It’s great, it’s smallish, comes apart and goes in the back of my car, but there are most certainly issues. I’d just say think about how you’ll use it before you buy one.
I take my daughter to school and the journey is very hilly and it really struggles with reduced battery life as a result. I’ve also ridden it around some incredibly muddy and swampy English Heritage sites. I got caught in a thunderstorm and rode it through very bumpy flood waters. All this on basically a scooter designed for shopping centres. I have no plans to change my ways and won’t buy anything that I can’t get in the car myself so I’m a bit stuck there.
My scooter is kind of a bit dead now, I’ve only had it 2 years but fortunately my husband is pretty handy and is keeping it limping on. I do need to get a new one though and I’ll definitely be looking at something a little more robust.
We are planning a trip to Berlin at some point and it will have to come with me, I did look at the airlines and as @hank said wheelchair/mobility scooters travel for free.
The other thing to note is stuff like drop kerbs. I went to London and only really made it because I had helpful friends lifting it up and down kerbs – there were lots of high ones. I also got a few taxis as there weren’t so many accessible Tube stations so that’s a consideration too. Obviously the bus would have been fine, but they scare me a bit.
Hope some of this rambling helps.


grandma
2 weeks ago

@kimarie For future reference, the buses in London are great. They gave dig sliding doors in the middle,if you are waiting at a bus stop in London and you are in a mobility scooter/wheelchair, they will pull up. Large middle doors open ramp descends automatically and hey presto you’re in, and I found, when I gave my travelling companion my card to go to the front any pay, be it Oyster or Contactless, in both cases he was waived away by the driver and I travelled for free!👏😜😍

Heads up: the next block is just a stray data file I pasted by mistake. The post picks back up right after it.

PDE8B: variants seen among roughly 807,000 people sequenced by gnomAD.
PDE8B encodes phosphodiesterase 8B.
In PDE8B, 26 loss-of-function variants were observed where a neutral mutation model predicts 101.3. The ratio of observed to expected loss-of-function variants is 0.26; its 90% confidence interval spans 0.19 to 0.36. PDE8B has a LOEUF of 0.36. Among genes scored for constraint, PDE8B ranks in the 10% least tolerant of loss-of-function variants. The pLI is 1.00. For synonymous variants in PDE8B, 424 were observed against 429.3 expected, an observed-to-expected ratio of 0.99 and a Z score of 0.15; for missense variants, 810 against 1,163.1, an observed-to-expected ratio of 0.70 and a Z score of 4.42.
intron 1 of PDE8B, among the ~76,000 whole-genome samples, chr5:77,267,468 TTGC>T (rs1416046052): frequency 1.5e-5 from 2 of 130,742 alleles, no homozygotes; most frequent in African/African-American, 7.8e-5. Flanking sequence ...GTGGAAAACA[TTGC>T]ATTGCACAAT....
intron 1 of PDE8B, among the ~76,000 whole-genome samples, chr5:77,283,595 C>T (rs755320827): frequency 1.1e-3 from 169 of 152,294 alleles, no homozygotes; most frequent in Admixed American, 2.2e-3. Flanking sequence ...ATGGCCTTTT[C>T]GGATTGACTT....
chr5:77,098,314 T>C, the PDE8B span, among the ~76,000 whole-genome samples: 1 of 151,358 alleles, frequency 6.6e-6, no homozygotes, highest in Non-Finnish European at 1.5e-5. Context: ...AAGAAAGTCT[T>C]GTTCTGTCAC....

evieg
2 weeks ago

Yeah you’re so rite it’s the logistics of getting about with a mix of walking/limping/scootering !!!!! 🙄
Like you it’s the mental hurdle of acceptance, i need to be realistic about my capabilities, I always loved city breaks but clinging on to my husband’s arm isn’t enough now, we still have teenage lad at home (other two boys away at uni) so I hate feeling like I’m holding everyone back on holiday ☹️ Even the walk to the departure gate is the the north face of the Eiger to me flip sake. I’m gonna have to just bite the bullet and get a damn scooter….onwards and upwards 💪🏻


kimarie
2 weeks ago

Thanks @grandma I will pluck up the courage to do london buses, thanks for the tips. @eveig good luck with your next move. It is a hurdle, but once you hobble over it it’s actually quite liberating, you do get a bit more independence back.


grandma
1 week ago

@evieg Onwards & Upwards is the right way to go!👏🎉🥂


barnwell
1 week ago

Like the above have said, scooters were just a mental block for me too. Once you are over the initial hurdle of accepting they are there to help ourselves and nobody takes a blind bit of notice, it’s like a new life and opens no end of opportunities again and brings back a lot of our old selves once more.

On the same subject, when you take one to the airport do you take it up to the plane or leave it at customs and use a chair?


bullman
1 week ago

@evieg I have a mobility scooter but am about to sell on ebay as now wheelchair bound and can’t get on scooter.

It’s great as self folds to fit in car boot.